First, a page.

The white mouse and keyboard combination has become as passé as, dare we say it, CRT technology. Color and design diversity have long been factored in as consideration points in addition to absolute functionality. On that note, a fine example is the new Navigator 335 from Genius.
The Modified Mouse
It's hard for anyone not to feast their eyes on the unique carbon fiber weave on the Navigator 335. This is, after all, the same kind of lightweight material that is commonly used on powerboats and performance cars. Not that it matters because the Navigator 335 benefits from the material's lightweight and scratch resistant properties, making it one mean pointing device. The body itself is contoured, ensuring comfort and stability for both left and right-handed users. Beneath the scroll wheel are two buttons for adjusting DPI on the fly and a Keystroke button that can be programmed using the bundled ioCentre software.
Seven different groups for the Keystroke button are available upon installing the ioCentre software. The system group allows you to perform several functions such as minimize, maximize, show desktop, launch various programs, open the My Music or My Picture folder, or access My Computer. The Browser group has options like refresh, back, forward, stop, and auto scroll to make surfing easier. To make office productivity easier, Genius has also placed an Office group for executing simple functions such as cut, copy, paste, zoom, find, and undo.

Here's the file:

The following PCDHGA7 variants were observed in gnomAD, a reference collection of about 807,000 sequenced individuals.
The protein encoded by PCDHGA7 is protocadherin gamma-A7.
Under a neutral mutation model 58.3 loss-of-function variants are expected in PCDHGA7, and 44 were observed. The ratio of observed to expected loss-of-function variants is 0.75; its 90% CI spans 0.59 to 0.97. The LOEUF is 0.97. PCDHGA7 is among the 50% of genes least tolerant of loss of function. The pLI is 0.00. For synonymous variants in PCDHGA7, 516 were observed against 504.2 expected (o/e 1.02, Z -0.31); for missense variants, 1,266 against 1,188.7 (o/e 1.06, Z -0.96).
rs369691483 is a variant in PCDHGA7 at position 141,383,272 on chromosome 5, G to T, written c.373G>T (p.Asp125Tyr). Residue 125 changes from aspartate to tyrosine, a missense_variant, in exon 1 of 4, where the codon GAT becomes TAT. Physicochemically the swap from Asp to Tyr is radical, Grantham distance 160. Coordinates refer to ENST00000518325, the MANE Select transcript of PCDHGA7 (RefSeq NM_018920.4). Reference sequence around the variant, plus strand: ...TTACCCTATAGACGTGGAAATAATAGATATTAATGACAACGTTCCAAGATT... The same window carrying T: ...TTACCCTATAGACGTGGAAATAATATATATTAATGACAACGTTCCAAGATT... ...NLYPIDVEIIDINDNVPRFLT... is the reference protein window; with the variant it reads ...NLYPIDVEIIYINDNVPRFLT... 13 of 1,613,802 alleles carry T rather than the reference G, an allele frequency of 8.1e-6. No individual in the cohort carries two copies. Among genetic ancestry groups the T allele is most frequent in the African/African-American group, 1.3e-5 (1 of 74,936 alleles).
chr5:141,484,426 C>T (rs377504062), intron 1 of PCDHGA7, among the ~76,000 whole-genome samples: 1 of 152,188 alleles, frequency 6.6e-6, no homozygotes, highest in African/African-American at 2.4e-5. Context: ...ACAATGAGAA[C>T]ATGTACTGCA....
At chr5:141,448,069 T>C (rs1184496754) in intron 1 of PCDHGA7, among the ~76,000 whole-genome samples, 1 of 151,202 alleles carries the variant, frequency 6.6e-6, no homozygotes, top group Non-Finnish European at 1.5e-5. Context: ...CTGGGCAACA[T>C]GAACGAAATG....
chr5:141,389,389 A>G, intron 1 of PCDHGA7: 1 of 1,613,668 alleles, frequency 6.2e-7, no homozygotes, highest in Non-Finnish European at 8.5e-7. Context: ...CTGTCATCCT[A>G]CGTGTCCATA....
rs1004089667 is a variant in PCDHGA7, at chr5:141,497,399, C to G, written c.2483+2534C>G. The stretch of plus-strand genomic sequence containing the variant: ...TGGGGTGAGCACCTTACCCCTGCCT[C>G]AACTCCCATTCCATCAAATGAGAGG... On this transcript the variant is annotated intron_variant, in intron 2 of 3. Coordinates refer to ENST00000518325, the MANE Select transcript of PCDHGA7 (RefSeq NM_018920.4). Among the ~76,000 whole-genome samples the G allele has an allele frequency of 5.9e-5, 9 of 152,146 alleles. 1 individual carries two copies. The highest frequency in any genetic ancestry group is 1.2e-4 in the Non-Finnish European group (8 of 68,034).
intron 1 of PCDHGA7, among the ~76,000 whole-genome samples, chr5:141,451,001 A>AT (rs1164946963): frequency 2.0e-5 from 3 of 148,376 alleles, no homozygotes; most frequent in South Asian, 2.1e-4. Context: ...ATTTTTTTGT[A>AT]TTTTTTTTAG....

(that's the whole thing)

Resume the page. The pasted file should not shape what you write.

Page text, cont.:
The Keystroke button can also be programmed to either check, reply, or forward e-mails in conjunction with the Mail group.
The extent of the programmability even stretches to allow users to fire up Instant Messaging application and even switching of user status. Finally, the Other group lets users program the button to perform "turbo" or repeating command, which is most useful for gaming applications.
A Mouse Boost
With a gaming-grade laser engine that promises a DPI of either 800 or 1600, the Navigator 335 has loads of tracking power for any application you care to mention, certainly much more than your average optical sensor mice. Put to its natural habitat on a mousepad, we soon find the groove of the Genius 335 to be most prominent in shooting games. The Turbo (programmed) button proved invaluable when quick firing was necessary. You can practically see how this would give gamers an unfair advantage. Through the same suite of tests, it was found that the DPI button was also particularly useful as it allowed us to switch between the two different sensitivity settings with ease.
If conventional mouse doesn't quite cut the cake in the value of styling and performance, then maybe the Genius Navigator 335 will. Its mean looking carbon fiber weave together with its high-performance laser sensor are hard to ignore if you are the sort who always goes for something a little less ordinary. While it may not carry the same naming pedigree as Razer and Logitech, it's hard to rebut that the Genius Navigator 335 has a certain machismo swagger that just might bowl you over.